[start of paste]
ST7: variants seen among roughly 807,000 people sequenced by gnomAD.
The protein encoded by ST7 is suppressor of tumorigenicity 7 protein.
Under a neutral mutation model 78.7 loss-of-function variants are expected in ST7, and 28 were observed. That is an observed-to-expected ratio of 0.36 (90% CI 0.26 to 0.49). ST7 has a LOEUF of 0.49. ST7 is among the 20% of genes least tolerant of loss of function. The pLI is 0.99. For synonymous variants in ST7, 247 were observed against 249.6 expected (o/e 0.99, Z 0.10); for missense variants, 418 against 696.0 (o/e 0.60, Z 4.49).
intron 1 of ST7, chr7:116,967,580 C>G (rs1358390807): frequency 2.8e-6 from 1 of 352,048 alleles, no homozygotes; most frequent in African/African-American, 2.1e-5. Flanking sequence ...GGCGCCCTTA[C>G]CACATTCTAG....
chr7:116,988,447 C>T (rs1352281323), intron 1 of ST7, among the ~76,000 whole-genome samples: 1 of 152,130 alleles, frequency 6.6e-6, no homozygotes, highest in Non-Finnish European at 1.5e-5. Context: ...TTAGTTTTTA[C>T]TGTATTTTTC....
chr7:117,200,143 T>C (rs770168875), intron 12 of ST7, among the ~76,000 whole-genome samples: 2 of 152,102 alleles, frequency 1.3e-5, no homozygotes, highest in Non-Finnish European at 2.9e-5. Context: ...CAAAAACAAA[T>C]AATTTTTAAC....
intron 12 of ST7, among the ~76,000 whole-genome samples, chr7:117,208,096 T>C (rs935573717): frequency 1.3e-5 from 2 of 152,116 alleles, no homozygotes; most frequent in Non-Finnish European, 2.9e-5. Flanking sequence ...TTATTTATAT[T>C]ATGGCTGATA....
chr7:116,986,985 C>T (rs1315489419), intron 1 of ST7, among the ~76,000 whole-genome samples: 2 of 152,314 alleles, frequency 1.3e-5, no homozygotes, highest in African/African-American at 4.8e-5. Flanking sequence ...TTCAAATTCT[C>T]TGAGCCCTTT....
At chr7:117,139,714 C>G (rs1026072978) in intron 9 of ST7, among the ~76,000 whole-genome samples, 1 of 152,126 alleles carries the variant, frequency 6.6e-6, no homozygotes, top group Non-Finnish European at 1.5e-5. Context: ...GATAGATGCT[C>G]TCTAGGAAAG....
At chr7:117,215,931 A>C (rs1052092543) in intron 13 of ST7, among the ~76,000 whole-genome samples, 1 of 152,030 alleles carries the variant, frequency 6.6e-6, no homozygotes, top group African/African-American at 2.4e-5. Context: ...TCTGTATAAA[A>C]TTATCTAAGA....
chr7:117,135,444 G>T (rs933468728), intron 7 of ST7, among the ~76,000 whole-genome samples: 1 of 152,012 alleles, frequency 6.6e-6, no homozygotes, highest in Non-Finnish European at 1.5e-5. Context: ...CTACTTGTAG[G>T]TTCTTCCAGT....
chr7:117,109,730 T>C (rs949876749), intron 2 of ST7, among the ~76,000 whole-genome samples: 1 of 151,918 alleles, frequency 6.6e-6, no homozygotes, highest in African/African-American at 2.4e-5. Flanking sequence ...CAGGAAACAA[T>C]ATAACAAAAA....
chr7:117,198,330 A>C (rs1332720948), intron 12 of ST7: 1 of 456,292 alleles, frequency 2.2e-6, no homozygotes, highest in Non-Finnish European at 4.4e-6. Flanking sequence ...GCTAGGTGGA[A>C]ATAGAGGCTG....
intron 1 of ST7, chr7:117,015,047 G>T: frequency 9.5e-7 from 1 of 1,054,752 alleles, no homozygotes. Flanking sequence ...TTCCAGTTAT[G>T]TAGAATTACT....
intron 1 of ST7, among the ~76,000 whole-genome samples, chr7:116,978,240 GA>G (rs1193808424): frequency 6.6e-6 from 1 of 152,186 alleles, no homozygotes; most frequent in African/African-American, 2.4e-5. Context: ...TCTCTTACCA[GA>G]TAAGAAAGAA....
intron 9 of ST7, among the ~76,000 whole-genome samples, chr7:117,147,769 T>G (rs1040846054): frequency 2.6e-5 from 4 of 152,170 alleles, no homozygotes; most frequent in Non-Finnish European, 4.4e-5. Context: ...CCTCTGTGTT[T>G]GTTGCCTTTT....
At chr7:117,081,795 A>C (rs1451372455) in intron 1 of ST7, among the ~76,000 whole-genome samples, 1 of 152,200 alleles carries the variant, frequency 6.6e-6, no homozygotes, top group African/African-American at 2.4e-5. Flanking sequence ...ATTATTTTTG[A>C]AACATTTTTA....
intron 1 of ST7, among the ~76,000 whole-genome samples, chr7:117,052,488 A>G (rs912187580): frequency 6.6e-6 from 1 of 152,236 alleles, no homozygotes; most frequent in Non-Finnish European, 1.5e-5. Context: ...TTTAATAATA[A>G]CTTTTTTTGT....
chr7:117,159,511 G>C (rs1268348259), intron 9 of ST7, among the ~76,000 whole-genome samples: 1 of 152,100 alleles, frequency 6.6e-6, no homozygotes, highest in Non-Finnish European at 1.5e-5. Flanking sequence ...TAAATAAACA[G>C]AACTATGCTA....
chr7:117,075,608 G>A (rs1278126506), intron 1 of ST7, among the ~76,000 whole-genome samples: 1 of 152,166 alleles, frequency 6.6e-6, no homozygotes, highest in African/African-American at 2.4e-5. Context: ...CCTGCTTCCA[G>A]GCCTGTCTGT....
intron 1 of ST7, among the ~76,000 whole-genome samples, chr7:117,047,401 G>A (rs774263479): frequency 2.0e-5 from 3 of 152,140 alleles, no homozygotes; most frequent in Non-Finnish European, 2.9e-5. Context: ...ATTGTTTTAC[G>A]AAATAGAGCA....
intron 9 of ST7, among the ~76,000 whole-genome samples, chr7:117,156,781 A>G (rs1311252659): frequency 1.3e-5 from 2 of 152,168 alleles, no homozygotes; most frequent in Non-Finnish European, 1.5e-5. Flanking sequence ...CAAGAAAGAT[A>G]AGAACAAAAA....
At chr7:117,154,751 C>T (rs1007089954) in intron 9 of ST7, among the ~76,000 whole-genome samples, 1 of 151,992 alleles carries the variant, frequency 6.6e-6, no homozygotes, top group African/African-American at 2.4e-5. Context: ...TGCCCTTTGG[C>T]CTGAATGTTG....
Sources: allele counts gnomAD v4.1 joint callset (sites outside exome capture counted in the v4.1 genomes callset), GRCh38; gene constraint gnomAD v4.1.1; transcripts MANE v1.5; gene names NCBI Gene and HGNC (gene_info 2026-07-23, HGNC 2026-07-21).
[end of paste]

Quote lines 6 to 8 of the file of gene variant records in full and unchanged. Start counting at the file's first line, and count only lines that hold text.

chr7:117,200,143 T>C (rs770168875), intron 12 of ST7, among the ~76,000 whole-genome samples: 2 of 152,102 alleles, frequency 1.3e-5, no homozygotes, highest in Non-Finnish European at 2.9e-5. Context: ...CAAAAACAAA[T>C]AATTTTTAAC....
intron 12 of ST7, among the ~76,000 whole-genome samples, chr7:117,208,096 T>C (rs935573717): frequency 1.3e-5 from 2 of 152,116 alleles, no homozygotes; most frequent in Non-Finnish European, 2.9e-5. Flanking sequence ...TTATTTATAT[T>C]ATGGCTGATA....
chr7:116,986,985 C>T (rs1315489419), intron 1 of ST7, among the ~76,000 whole-genome samples: 2 of 152,314 alleles, frequency 1.3e-5, no homozygotes, highest in African/African-American at 4.8e-5. Flanking sequence ...TTCAAATTCT[C>T]TGAGCCCTTT....